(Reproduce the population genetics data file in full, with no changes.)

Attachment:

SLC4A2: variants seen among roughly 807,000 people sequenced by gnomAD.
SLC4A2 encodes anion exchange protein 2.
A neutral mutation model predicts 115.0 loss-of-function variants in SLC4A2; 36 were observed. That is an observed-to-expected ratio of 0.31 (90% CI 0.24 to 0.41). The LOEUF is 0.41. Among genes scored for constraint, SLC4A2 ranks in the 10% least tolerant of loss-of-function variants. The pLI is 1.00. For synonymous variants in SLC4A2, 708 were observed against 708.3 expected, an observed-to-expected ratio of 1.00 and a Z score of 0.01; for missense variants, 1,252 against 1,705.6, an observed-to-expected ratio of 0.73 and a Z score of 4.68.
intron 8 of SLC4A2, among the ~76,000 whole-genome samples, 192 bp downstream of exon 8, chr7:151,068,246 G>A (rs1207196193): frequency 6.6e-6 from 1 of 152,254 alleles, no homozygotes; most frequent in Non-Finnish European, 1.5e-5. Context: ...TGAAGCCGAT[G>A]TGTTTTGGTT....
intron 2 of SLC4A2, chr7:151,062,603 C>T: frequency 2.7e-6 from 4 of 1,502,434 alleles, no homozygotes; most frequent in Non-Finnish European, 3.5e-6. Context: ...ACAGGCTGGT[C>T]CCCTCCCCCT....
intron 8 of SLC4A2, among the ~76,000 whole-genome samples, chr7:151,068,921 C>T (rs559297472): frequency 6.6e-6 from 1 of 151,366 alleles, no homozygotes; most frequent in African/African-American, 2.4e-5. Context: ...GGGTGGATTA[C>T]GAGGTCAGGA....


SLC4A2: variants seen among roughly 807,000 people sequenced by gnomAD.
SLC4A2 encodes anion exchange protein 2.
A neutral mutation model predicts 115.0 loss-of-function variants in SLC4A2; 36 were observed. That is an observed-to-expected ratio of 0.31 (90% CI 0.24 to 0.41). The LOEUF is 0.41. Among genes scored for constraint, SLC4A2 ranks in the 10% least tolerant of loss-of-function variants. The pLI is 1.00. For synonymous variants in SLC4A2, 708 were observed against 708.3 expected, an observed-to-expected ratio of 1.00 and a Z score of 0.01; for missense variants, 1,252 against 1,705.6, an observed-to-expected ratio of 0.73 and a Z score of 4.68.
intron 8 of SLC4A2, among the ~76,000 whole-genome samples, 192 bp downstream of exon 8, chr7:151,068,246 G>A (rs1207196193): frequency 6.6e-6 from 1 of 152,254 alleles, no homozygotes; most frequent in Non-Finnish European, 1.5e-5. Context: ...TGAAGCCGAT[G>A]TGTTTTGGTT....
intron 2 of SLC4A2, chr7:151,062,603 C>T: frequency 2.7e-6 from 4 of 1,502,434 alleles, no homozygotes; most frequent in Non-Finnish European, 3.5e-6. Context: ...ACAGGCTGGT[C>T]CCCTCCCCCT....
intron 8 of SLC4A2, among the ~76,000 whole-genome samples, chr7:151,068,921 C>T (rs559297472): frequency 6.6e-6 from 1 of 151,366 alleles, no homozygotes; most frequent in African/African-American, 2.4e-5. Context: ...GGGTGGATTA[C>T]GAGGTCAGGA....